9/14/2013 7:00 AM
By Anne Harnish Food and Family Features Editor
NEW HOLLAND, Pa. — Smiling broadly, the little boy snuggles and stretches in his mother’s lap. His large, expressive eyes look around the room as his oldest sister, Rozelle, 15, playfully gazes back at him. He enjoys waking up slowly, snuffling loudly and listening to the sounds of the day. He responds to his mother’s gentle cooing and the evenness in his father’s quiet and steady voice. His family’s home is calm, neat and spacious.
Being held by mom or dad is especially comforting to Durell Zimmerman. He is a special needs toddler who just turned 3 years old this month. But it was unclear if his life’s thread was going to carry him even this far.
Durell was born with a severe brain defect called semilobar holoprosencephaly, or HPE. It is a condition in which the sides of the brain do not separate normally into two hemispheres during the baby’s development. HPE is not rare in the general U.S. population, but Durell’s is only the second case diagnosed in Lancaster County, Pa., said his parents, Glen and Cristine Zimmerman.
The late-30s couple, of New Holland, Pa., have four other healthy children, including second-grader twins, Kayla and Karla. Their oldest son, Glendon, 11, is in the sixth grade.
“Before Durell, we just took normal, healthy children for granted,” Glen Zimmerman said.
“Having the twins were a little’ stressful,” Cristine added, for comparison.
There were no signs during Cristine’s pregnancy that Durell would be born with HPE, and the couple had no reason to suspect any problems because her pregnancy was normal. But when Durell was born at Ephrata Hospital, he had a cleft lip and palate, and a small head, all indictors of a bigger problem. The hospital transitioned Durell to Hershey Hospital for specialized care. And, because the couple is from a Plain Sect called Weaverland Mennonite, within which there are occasionally babies born with genetic abnormalities, the hospital suggested they contact the Clinic for Special Children, a unique clinic that serves Plain Sect children with genetic disorders. It just happened to be close by, in nearby Strasburg, Pa.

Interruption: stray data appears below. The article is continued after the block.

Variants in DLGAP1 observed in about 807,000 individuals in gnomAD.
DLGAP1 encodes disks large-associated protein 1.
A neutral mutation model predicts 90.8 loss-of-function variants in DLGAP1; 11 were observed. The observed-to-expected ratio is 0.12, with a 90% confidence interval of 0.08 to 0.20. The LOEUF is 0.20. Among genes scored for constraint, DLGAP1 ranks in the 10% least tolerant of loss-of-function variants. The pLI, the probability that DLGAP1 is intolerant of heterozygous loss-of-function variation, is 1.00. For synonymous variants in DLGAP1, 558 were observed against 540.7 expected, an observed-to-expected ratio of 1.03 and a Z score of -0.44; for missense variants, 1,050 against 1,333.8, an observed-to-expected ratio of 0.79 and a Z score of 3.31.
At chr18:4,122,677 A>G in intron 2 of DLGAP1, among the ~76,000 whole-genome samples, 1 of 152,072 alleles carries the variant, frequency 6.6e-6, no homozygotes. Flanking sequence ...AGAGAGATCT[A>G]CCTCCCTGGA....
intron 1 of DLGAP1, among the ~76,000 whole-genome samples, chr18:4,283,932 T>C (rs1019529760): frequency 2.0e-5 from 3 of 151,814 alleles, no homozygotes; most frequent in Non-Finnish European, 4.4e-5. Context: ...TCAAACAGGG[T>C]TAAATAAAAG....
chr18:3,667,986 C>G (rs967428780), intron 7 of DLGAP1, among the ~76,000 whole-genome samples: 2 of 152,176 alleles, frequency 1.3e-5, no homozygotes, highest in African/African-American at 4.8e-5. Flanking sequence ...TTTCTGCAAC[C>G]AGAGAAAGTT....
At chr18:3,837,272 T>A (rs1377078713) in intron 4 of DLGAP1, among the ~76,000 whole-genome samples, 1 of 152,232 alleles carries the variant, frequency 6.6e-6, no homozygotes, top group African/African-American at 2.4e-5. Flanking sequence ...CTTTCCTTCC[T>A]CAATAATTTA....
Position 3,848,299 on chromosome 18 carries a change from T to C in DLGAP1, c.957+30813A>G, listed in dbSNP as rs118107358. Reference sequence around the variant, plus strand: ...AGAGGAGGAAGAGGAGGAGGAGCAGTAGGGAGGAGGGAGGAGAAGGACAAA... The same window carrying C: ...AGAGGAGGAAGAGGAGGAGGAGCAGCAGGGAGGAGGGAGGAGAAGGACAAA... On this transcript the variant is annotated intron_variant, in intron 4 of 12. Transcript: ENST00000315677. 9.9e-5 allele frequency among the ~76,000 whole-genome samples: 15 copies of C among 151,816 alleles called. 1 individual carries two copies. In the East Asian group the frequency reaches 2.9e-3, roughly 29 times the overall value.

Dr. Kevin Strauss, one of the Strasburg children’s clinic’s main doctors, quickly came to Hershey Hospital to help, said the Zimmermans. Within two weeks of his birth, Durell’s diagnosis was made after an MRI scan showed his HPE brain abnormality.
Durell wasn’t doing well at the hospital because he had episodes of severe sleep apnea during which he sometimes stopped breathing. Neither was he able to eat or swallow, Glen Zimmerman said. A feeding tube was installed, and the family and staff were forced to adopt a “wait and see” attitude. Eventually, Durell was discharged from the hospital under hospice care with supervision by the clinic. His condition was so poor that it was expected that he would live just 1 to 2 more weeks.
“At that point, we didn’t realize what being at the clinic meant,” said Glen Zimmerman. “We just thought he (Strauss) was just another specialist.”
But, from the moment Strauss saw Durell, he “knew what things were,” Glen Zimmerman said. “It was like he had a road map for what to do. He knew what the symptoms meant,” he said, acknowledging it was more than even the hospitals knew to do.
Strauss quickly picked up on some key problems and discomforts and recommended treatments to address the symptoms. For example, he found that Durell’s brain does not regulate critical sodium levels in his blood, an imbalance that requires constant maintenance to prevent serious illness. So, treatment was started for the sodium imbalance. When Durell was having seizures, the clinic recommended specific medications to prevent more. He has not had seizures for nearly two years. The clinic has gone on to help the Zimmermans find ways to allow Durell to sleep longer and lessen his many other symptoms as well.
“You don’t manage the cause with HPE,” Glen Zimmerman said, “You manage the symptoms. We had no idea what to expect.”
HPE brain abnormalities vary by individual, but they generally create ongoing problems as the brain develops, including many serious and life-threatening problems. It is unknown whether HPE is genetic, though it is a possibility, according to Strauss, and the other HPE case locally is a distant relative of the Zimmermans. But no one knows the cause just yet, and research on HPE is at an early stage. HPE is not curable.